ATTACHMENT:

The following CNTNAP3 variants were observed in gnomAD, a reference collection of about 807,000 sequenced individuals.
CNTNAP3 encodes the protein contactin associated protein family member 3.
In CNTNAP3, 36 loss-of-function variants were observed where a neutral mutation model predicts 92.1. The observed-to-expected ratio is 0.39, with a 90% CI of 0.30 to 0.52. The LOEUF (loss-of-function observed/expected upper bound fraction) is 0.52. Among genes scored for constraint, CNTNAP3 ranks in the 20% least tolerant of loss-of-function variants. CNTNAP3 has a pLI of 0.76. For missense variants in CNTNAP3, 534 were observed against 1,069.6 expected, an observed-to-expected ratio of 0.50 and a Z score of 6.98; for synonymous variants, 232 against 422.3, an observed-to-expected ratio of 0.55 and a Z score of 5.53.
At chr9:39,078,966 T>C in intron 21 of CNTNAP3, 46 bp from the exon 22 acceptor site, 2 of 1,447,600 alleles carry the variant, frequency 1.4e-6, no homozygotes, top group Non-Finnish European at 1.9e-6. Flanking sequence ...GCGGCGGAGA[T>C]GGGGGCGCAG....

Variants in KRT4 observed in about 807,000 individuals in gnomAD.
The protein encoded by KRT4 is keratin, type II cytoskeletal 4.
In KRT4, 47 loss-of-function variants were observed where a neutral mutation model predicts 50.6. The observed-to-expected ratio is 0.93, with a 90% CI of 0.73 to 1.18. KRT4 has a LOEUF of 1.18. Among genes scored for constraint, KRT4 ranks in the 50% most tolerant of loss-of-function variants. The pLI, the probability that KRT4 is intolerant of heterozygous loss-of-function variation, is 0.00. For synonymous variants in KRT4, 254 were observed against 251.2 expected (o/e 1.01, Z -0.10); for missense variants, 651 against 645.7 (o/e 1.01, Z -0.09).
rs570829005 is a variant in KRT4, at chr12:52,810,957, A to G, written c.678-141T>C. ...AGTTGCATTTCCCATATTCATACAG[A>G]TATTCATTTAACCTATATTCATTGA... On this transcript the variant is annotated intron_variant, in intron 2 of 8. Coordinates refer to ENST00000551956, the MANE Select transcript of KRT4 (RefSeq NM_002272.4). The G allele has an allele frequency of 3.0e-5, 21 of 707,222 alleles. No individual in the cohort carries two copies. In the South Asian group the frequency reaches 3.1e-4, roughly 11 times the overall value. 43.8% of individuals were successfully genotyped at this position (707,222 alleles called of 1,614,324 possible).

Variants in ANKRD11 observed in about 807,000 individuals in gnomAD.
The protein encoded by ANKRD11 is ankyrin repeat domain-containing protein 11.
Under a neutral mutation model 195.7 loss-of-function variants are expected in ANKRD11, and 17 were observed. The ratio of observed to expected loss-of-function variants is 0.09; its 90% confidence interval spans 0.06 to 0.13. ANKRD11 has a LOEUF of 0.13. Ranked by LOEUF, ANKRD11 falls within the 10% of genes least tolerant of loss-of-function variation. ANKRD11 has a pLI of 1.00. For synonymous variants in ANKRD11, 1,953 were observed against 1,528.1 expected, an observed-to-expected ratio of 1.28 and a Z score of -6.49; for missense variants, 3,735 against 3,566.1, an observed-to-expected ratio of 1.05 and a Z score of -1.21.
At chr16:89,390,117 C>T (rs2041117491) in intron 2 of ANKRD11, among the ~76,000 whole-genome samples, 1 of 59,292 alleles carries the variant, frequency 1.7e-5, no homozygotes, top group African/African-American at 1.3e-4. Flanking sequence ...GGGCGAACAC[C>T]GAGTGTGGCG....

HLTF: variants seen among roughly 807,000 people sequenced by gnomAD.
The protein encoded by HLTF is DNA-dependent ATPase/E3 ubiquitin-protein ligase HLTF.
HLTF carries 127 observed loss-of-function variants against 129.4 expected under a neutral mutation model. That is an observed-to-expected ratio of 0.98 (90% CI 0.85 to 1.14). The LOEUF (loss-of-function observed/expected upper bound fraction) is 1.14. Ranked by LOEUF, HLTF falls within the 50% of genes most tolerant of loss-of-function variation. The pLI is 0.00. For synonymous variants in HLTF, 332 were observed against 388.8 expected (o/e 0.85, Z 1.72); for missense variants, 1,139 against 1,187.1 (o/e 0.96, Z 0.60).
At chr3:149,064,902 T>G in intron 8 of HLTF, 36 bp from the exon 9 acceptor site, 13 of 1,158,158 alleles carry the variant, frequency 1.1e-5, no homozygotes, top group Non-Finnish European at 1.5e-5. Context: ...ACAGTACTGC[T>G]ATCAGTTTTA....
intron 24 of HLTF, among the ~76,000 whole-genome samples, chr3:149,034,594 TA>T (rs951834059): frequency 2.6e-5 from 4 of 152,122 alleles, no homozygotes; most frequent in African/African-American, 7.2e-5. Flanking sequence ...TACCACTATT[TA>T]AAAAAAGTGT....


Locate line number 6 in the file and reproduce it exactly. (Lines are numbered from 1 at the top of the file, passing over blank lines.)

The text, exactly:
The protein encoded by KRT4 is keratin, type II cytoskeletal 4.